Yesterday's devaluation of the yuan by the Peoples' Bank of China (PBC) delivered a shock to the financial system. Although stimulus is normally seen as a positive for markets, devaluation is a stimulus measure that benefits the home economy (China) at the expense of trading partners. Concerns that the devaluation means the economy in China is travelling worse than the (already bearish) markets feared, and that China will back away from spending based stimulus, prompted the sell off.
Whatever you think of the moves, this gives traders a new focus for the trading day - the official yuan fix at 11.15 Australian east coast time. The CNY is the mainland currency which is difficult for foreigners to access. The CNH is settled in Hong Kong, and can be traded by those outside China. This is what happened at the 11.15 am fix:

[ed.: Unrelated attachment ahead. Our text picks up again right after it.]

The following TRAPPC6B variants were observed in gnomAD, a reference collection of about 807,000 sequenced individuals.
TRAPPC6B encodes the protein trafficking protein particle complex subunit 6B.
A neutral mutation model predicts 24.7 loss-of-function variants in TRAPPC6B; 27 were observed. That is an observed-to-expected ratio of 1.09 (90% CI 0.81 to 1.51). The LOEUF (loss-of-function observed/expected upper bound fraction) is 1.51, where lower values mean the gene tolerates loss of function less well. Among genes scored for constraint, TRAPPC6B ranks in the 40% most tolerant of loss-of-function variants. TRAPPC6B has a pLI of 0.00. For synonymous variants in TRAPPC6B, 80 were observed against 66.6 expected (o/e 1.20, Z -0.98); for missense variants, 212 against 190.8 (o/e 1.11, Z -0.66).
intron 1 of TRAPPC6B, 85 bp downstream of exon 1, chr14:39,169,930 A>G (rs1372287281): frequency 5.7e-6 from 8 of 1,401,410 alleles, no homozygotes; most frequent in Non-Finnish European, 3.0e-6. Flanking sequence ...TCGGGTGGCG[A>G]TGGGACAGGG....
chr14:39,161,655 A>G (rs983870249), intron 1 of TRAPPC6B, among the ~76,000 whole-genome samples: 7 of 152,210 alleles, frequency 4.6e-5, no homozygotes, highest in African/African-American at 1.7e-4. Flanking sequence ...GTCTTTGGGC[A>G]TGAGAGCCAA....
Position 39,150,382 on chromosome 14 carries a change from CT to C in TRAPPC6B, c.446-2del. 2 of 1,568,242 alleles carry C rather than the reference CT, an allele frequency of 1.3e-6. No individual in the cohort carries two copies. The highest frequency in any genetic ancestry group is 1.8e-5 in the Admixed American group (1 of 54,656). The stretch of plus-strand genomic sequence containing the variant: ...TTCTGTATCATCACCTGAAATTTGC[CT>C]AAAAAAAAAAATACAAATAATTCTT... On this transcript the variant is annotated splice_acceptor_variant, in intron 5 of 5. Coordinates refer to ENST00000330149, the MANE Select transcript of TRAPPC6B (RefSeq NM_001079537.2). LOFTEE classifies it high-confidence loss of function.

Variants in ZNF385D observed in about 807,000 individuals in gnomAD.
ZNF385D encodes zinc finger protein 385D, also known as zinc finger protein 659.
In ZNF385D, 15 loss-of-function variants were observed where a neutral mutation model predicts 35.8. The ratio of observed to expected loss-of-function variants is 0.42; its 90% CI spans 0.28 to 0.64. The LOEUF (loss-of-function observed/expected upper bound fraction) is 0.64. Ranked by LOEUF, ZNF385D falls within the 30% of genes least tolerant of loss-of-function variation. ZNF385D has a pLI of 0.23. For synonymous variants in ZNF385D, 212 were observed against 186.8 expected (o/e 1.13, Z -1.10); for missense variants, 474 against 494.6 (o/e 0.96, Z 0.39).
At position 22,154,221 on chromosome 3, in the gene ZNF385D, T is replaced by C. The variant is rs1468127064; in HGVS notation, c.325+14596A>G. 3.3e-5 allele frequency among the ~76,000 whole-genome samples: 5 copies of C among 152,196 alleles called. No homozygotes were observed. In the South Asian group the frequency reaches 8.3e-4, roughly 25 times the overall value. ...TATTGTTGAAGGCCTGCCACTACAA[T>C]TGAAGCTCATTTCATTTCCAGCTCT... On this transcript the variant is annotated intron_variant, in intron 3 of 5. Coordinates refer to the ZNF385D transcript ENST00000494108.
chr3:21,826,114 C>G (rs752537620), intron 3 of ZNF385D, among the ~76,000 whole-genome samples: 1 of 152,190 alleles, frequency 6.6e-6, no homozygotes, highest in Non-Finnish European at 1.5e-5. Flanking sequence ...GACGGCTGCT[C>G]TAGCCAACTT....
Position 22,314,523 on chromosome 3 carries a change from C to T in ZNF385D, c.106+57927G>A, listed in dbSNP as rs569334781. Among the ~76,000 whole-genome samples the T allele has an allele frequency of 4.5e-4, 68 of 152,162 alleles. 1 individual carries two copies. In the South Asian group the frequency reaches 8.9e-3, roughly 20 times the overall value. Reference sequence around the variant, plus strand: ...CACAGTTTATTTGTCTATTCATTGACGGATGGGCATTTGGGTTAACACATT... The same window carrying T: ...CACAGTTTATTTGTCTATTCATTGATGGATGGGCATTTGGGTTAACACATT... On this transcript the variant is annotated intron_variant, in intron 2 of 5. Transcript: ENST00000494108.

A higher USD/CNH means a lower yuan. In its statement yesterday, the PBC said it would make a "one-time adjustment" to the level of the currency. Clearly, given today's move, they did not mean a one day adjustment. (All you xenophobes can get back in your caves - ambiguity in statements is a central bank characteristic, not just a PBC phenomenon).
The yuan is tied to the USD. The rise in USD has lifted the yuan with it - by about 14% in trade weighted terms over the last year. It's possible the PBC means to correct this rise - or it it may have other purposes in mind. In some ways the negative market reaction in commodities and global shares is curious - it's not as if the world is populated with China bulls at the moment.
Whatever the PBC's intent, one thing is clear. The 11.15 am fix is another market event for traders to track.